The Batterymarch Insider

“The Batterymarch Insider” is a brief snapshot of our current market thinking and some highlights of what we see going on in the downtown Boston market. As always, our “terms of use” apply. We encourage you to subscribe.

In this issue:

  • Seaport Market Update – A Flipper’s Paradise
  • New and Noteworthy 
  • 242 Beacon St., unit 9/10 – The Poster Child for Banning Dual Agency?  – Well Sold
  • 60 Chestnut Street – Non-Louisburg Square $/SF Record– Well Sold  

What’s Catching Our Eye

Seaport Market Update – Flippers Don’t Always Make Great Neighbors 

We don’t often comment on market activity in the Seaport as it’s largely centered around new development sales.  We are beginning to see condominium unit owners/investors reselling their units at Pier 4 and Liberty Drive.

Boston Seaport District

While both Pier 4 and the Liberty Drive buildings are the current bellwether waterfront Seaport properties, the Liberty Drive units are turning over faster than Pier 4. We’d chalk that up to their easier proximity to downtown. Overall, we remain cautious on new developments.

Our concern is illustrated with what we see going on at the Echelon (133-135 Seaport Boulevard), a 390 unit development. Year to date, 60 units have sold or gone under agreement at the Echelon according to MLS. Of the 44 units that have sold this year, the average unit size is 973 square feet, with an average selling price of slightly over $1.65 million ($1,664/sf). A handful of units have fetched well over $3.0 million.

Digging a bit deeper, there are many examples of individuals buying multiple units, clearly these are investors. Many of these investors have been actively buying and flipping units in other new developments throughout the City.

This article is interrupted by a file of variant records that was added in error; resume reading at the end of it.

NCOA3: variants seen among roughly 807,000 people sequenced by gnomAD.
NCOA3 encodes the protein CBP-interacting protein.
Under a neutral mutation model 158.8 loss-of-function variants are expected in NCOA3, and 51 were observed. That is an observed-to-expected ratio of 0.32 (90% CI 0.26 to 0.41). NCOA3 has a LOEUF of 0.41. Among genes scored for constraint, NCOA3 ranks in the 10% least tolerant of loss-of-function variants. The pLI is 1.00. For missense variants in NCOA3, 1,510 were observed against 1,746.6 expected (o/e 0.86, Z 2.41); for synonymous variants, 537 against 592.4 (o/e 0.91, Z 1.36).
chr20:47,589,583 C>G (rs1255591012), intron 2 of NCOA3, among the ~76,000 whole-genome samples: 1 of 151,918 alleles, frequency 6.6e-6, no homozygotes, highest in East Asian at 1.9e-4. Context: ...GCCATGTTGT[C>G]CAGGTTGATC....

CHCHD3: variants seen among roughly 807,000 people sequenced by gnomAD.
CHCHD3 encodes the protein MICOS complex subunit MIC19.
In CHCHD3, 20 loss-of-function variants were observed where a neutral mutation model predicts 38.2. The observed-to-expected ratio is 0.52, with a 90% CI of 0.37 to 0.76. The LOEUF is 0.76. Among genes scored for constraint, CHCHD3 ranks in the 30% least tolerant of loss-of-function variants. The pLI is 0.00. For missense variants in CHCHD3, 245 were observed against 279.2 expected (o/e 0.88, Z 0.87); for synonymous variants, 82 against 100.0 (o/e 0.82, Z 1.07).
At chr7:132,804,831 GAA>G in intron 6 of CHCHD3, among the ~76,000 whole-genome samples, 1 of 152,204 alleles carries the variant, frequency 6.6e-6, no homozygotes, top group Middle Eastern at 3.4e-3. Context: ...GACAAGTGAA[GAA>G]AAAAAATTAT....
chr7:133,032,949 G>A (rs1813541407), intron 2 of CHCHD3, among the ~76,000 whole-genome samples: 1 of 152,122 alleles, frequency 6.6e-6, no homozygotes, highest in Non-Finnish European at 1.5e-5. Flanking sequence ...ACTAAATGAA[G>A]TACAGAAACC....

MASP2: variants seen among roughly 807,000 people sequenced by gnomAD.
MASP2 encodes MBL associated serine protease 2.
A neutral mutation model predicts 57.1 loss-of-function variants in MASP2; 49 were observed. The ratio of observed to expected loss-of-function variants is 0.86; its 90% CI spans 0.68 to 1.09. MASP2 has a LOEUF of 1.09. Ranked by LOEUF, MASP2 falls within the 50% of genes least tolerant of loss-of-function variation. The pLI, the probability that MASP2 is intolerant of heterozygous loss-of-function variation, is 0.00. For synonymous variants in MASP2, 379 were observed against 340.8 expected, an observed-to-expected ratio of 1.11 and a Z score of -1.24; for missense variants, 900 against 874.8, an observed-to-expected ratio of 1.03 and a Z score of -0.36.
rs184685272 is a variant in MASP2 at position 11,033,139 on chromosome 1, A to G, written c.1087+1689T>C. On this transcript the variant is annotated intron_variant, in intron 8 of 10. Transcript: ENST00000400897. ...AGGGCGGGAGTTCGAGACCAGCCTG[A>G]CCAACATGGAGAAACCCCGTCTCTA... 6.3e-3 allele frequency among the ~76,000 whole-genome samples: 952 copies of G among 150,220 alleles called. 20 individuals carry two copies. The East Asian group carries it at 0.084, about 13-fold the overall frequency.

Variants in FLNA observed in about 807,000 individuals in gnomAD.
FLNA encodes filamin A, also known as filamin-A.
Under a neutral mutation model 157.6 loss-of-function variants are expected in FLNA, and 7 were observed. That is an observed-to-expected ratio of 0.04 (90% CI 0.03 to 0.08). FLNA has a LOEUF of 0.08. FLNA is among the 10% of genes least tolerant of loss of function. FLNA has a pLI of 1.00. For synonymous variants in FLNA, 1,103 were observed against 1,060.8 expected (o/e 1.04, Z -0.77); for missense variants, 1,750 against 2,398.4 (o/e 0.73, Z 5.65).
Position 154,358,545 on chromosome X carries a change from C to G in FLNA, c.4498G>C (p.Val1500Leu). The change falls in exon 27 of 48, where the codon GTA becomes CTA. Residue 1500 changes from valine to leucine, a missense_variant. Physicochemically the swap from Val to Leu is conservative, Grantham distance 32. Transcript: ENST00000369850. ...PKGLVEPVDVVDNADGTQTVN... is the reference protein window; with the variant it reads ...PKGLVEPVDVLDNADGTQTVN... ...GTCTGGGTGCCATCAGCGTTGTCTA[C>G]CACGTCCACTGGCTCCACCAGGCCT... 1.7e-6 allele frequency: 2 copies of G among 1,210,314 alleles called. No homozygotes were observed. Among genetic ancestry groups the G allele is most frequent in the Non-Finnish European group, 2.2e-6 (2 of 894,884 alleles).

Buyers in these developments should take notice of the investor activity for two main reasons. First, many of these investor owned units are offered for rent, and tenants, not being stakeholders in the property, don’t always make the best neighbors. And second, investors make money on the flip, so when the developers start boasting that the project is sold out, or close to sold out, the reality is that these investor units will be trickling out. This will likely keep a lid on liquidity and valuation for some time to come.

New and Noteworthy 

236 Beacon Street, unit 2E – This very nice, second floor two bedroom with assigned parking changed hands last week for $1.85 million ($1,486/sf). What’s noteworthy with this transaction is that the last sale here was $1.825 million back in 2019. After fees, the seller is taking a loss, but the seller got the gift of liquidity. Liquid markets are healthy markets – this is a good sign for the core Back Bay market.

110 Stuart Street, unit 20C (The W) – After 480 days on the market and 13 price reductions (yes, 13) unit 20C sold for $1.42 million ($1,104/sf). If you’re wondering why we’re cautions on new development – enough said. And yes, the seller lost money in this unpleasant ordeal, we’ll spare you the details.

33 Mount Vernon Street